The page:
Gaming community — What is Gaming Community?

 What is a gaming community, everything you need to know about them!

The gaming (gaming) community is a large community of specialists that originally arose in the 1930s in the USSR and now exists in Russia and Belarus, practicing the use of games, gaming methods in various areas of public life: in economics, pedagogy ( game training ), psychology, military business, consulting, etc.

Also, the term “gaming community” is also used in relation to developers and users of computer games. Creation in the USSR in the 1930s of business games, and then, starting from the 1960s, “open-type games”. These include: organizational and activity game (ODI), reflexive game , innovative game (INI), etc. contributed to the formation of the gaming community (IS) as a kind of factor in the social development of our country. Self-name of IP representatives: “ game technician ”, “game practitioner”, “ methodologist ” (in a special, game-technical sense); in some cases, their practice turns into a permanent profession.

Currently, there are two types of games, corresponding to two generations of developments in this area:

business (or simulation) games;
open type games (representational games).

Business games

A business (imitation) game is a game that allows you to explore a social system by experimenting with its model; an experiment that reproduces the functioning of the system in time. Such games imitate organizational and economic interactions of governing bodies in various economic situations. In general, simulation games are a kind of device for reproducing processes and coordinating economic interests.

Business games are divided into three groups:

  • educational, which are used in the training or retraining of personnel;
  • production, used to solve real issues of current activities and development of specific organizations;
  • research, which are carried out during experiments in the field of management and economics.

The simulation game is organized as follows. Its participants in the situation proposed by the organizer make certain decisions, imitating the performance of pre-assigned roles, reacting to the actions of participants performing other roles. Given their reaction, new decisions are made and the cycle repeats. Participants in the game have the opportunity to see the long-term consequences of their actions.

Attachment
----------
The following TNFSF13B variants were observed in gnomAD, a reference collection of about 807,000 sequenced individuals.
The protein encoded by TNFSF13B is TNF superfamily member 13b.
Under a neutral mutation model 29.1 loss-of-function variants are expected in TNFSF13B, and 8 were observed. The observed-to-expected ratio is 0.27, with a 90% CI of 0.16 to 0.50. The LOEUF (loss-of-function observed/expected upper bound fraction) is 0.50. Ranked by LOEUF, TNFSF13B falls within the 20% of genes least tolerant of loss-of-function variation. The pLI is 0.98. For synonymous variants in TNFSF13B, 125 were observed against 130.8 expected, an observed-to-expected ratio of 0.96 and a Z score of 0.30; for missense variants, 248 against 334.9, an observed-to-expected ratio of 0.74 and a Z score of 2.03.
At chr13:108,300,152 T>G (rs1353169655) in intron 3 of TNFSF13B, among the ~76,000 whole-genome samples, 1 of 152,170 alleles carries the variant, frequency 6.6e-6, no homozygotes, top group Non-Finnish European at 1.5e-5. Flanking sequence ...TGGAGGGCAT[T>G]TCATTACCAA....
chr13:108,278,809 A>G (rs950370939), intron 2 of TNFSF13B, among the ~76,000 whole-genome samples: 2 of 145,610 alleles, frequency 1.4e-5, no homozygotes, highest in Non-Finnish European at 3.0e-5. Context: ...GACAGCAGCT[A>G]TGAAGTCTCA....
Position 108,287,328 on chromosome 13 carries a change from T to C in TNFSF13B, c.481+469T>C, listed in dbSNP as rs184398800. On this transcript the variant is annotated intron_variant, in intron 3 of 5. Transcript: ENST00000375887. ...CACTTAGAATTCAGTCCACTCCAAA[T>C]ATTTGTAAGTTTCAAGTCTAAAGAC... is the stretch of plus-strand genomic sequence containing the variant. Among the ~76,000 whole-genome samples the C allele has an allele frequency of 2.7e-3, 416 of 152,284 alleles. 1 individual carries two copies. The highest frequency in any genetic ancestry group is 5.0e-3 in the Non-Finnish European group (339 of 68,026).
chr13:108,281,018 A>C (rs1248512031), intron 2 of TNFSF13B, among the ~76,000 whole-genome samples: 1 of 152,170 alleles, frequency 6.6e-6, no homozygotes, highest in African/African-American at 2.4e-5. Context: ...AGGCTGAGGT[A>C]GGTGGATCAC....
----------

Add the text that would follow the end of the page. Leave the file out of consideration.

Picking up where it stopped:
At the end of the game, each game stage is analyzed and discussed, the order of actions of each participant is restored, the correctness of the decisions made by him is assessed from various points of view: an individual player, simulated departments of the organization, the system as a whole. The information obtained is summarized and chains of cause-and-effect relationships are distinguished [1] .

To conduct a simulation game, extensive technical documentation is required, including: 1) characteristics of the simulation object, 2) explanatory note, 3) terms of reference, 4) materials on the problem under study, 5) game scenario, 6) description of the game environment, 7) description of participants’ behavioral algorithms, 8) game prospectus, 9) guidance to the administrator-leader of the game, 10) instructions to the players, 11) management of the game environment, 12) experiment program, 13) experiment report.

History of business games

The priority in the creation of business games (BI) belongs to our country. The first business game in the USSR and in the world, was developed under the leadership of M. M. Birshtein at the Leningrad Engineering and Economic Institute at the end of 1931 and held on June 23, 1932. The theme of the game: “The deployment of the production of the assembly shop of the newly built typewriter plant in the starting period ”, — in abbreviated form — “Start of the shop”. The game lasted two days and 24 people took part in it [2] .

In 1933–1934. games were developed and carried out related to the introduction of dispatch services in the industry. About 40 games of various purposes, nature and themes were introduced. A notable milestone was the production restructuring game “Red Weaver”, developed at the Leningrad Industrial Academy. S. M. Kirov on the instructions of the People’s Commissariat of Light Industry. It was called “Urgent transfer of the Krasny Tkach weaving factory to another assortment” and was held on the weekend of December 1936. The game lasted 5 days and lasted about 30 hours.